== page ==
Here are five of the mental notes I've made over the years, while trying to work out why some stories leave you feeling instinctively dissatisfied. There's no exact formula for making audiences happy, with that indefinable sense of 'fiction fullness', but we can certainly try to avoid these pitfalls...
I've seen this happen in two horror films in the last three months alone. The protagonist has been established, then between half and two-thirds of the way through the story, new people turn up. Key distinction here: these characters aren't newly-introduced incidental characters like gas station attendants or waiters. No, they're behaving like protagonists. To all intents and purposes, they are protagonists. In fact, in both of the films I saw they were Good Guys, on a (rather late) mission to rescue people from Bad Guys. This feels instinctively wrong, as if the writer has only just arbitrarily decided to throw them into the story - or she's become bored with the protagonist's plight, or even the protagonist themself, since these Newcomers are behaving like heroes. At the very least, they should have been seeded into Act One. But even then, there's a potentially fatal snag when...
Yes, if those Newcomers actually do manage to sort stuff out, that's unsatisfying to say the least. We want to see those Original Protagonist deal directly with the threat they've been facing - it's no good, watching them rescued or helped by magically materialising outside forces. This is mainly because the OP has had the longest journey. They've been through the most hardship and are ideally the least equipped to deal with the main problem or threat. So their eventual triumph over adversity is bound to be the most entertaining. We're rooting for them to overcome all... so if someone else does it for them, we're deflated like a cheap air-bed.
Sometimes, often in TV drama, the protagonist needs to be instrumental in solving someone else's predicament. I recently watched an episode of an otherwise good drama series from a few years back, in which our regular protagonist tried to help a guest character overcome their terrible problem. Come the final scenes, it felt very much as though the guest character would have overcome it anyway, without the protagonist's help. Needless to say, this was deeply unsatisfying, and could so easily have been fixed. So here's a good question to ask yourself: if your protagonist was air-lifted clean out of this plot, would the whole story collapse? If not, you've got real problems and need to carry out some surgery.
Sure, we'll swallow the occasional small coincidence in a story. Two friends bump into each other in a big city? Okay, we'll buy that. Fine. When coincidence plays a major role in the story later on, though - that's when our brows furrow, we become restless and suddenly we can hear The Wheels Of Plot grinding and creaking (more on that in a moment). Plot should be a big chain of events, each of which follows logically on from preceding events, so that we understand and sympathise with how this story developed in a logical fashion. Attempt to serve plot with a great big coincidence and you run the very real risk of that chain's links flying apart. It's like hurling a basketball at a domino which stubbornly refuses to topple onto the next.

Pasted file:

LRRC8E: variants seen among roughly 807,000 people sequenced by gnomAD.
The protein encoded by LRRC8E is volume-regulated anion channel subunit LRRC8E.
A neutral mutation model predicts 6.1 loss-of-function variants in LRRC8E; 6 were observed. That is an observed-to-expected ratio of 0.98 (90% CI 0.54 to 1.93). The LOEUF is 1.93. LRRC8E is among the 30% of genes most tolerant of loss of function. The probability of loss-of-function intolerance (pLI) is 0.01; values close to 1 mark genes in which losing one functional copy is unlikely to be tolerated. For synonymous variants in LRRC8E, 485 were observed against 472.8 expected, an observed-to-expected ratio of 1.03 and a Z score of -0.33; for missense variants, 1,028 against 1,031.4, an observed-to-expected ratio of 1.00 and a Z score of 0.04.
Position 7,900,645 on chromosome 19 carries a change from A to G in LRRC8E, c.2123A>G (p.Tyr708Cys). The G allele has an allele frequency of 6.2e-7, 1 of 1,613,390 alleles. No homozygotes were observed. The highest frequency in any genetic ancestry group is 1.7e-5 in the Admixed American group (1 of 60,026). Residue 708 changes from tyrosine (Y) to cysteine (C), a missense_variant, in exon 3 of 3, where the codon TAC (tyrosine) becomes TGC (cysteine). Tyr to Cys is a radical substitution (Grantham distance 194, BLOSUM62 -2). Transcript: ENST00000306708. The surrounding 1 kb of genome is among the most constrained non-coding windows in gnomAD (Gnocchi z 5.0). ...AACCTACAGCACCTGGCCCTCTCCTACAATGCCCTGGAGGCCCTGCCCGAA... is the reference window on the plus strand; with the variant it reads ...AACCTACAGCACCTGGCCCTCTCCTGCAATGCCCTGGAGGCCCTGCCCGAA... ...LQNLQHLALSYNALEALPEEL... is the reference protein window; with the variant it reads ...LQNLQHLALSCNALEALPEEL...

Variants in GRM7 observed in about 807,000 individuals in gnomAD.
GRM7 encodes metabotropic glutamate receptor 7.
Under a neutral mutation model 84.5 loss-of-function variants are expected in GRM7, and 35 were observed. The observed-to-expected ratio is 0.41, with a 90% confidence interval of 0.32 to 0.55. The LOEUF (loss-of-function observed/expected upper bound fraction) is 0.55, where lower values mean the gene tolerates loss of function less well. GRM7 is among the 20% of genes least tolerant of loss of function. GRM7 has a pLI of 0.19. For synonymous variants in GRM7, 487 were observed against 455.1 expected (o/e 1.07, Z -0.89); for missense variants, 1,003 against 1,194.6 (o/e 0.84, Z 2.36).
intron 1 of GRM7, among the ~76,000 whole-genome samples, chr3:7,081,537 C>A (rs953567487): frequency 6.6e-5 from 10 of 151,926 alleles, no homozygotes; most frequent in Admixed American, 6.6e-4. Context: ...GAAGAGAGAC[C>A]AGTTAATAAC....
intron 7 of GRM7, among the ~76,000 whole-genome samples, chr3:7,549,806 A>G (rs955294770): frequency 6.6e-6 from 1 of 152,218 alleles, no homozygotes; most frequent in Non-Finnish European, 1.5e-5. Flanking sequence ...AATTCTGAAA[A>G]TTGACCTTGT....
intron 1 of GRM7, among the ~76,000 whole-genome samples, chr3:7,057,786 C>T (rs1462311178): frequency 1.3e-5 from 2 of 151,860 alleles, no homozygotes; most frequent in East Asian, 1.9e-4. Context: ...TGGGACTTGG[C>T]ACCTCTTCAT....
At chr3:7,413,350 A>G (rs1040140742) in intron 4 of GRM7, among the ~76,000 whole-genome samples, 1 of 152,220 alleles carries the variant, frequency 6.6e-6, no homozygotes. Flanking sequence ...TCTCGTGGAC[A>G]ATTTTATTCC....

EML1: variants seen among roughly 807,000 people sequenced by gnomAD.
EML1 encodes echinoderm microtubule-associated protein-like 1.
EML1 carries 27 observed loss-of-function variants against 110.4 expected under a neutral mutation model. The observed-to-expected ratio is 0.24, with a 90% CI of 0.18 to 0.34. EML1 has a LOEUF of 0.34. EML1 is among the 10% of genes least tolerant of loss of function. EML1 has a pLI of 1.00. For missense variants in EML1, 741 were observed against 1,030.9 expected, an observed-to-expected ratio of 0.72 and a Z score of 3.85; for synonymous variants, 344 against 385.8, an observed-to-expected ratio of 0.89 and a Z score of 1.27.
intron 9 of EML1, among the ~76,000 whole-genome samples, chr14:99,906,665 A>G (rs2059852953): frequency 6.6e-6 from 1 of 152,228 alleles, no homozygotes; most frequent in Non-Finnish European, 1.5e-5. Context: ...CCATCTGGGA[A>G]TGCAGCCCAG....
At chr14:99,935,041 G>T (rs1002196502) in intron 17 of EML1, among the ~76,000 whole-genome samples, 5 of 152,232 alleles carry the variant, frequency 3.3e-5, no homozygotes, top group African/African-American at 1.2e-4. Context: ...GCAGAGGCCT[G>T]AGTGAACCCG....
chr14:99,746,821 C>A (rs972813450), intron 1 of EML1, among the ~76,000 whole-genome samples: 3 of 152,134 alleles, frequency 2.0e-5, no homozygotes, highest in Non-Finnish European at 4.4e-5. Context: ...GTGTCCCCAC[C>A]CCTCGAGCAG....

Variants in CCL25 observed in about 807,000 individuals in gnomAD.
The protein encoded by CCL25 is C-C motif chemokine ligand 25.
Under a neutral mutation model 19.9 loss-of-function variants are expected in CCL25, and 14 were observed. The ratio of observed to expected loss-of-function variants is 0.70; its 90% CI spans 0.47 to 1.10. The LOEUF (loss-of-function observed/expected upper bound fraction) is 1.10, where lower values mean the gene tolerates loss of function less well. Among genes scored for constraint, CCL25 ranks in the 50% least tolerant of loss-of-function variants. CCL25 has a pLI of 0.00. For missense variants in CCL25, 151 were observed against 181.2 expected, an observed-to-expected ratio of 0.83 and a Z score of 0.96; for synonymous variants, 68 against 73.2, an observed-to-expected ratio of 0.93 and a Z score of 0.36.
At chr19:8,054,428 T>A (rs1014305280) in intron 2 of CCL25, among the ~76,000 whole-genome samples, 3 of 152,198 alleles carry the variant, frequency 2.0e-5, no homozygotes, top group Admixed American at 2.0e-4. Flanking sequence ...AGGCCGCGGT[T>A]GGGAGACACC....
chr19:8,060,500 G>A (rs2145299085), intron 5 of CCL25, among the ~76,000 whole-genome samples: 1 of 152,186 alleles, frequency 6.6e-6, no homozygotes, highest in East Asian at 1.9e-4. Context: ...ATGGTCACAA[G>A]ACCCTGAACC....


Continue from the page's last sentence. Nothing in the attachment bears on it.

This is especially dangerous in the more fantastic genre fare. Real-world drama has an in-built set of rules. We know that world and so it needs less explanation. If we're in a heightened, supernatural, fantastic or otherwise unfamiliar world, though, we need to know the rules. This doesn't mean we have to be force-fed them, Fight Club-style, in the first 10 minutes. They should be ladled on throughout, with the artfulness also reserved for character detail and general colour.
Why are the rules important? Because if we don't know the rules, it's likely that we're unclear on the nature of the threat faced by our protagonist. What are the stakes? What's the worst thing that can happen in this story and world? If our protagonist is a ghost, can they actually die in any meaningful sense? If we don't know what they stand to lose, we're far less engaged and liable to switch off altogether.
Now, this one's interesting, because it certainly isn't always a mistake. If characters didn't do stupid things, they wouldn't get themselves into the scrapes and conflict demanded by all good drama. So many stories - so many 'inciting incidents' - are launched by characters doing stupid things. Drama practically demands foolishness, folly and flaws. But here's where the Creaking Wheels Of Plot come back into play. If characters do stupid things because, for instance, the film would be over if they didn't, that's when the writer feels our wrath. We hear the Creaking Wheels Of Plot and it's a terrible noise, reminding us that this is just a figment of someone's imagination and a clunky figment at that. The spell is broken.
Needless to say, I've generalised throughout. Rules are made to be broken, and all that, but I think it's best to have very good reasons for breaking the majority of the above.
What about you? What regularly disconnects you from fiction and/or leaves you instinctively dissatisfied? Tell us about it, in the comments below.
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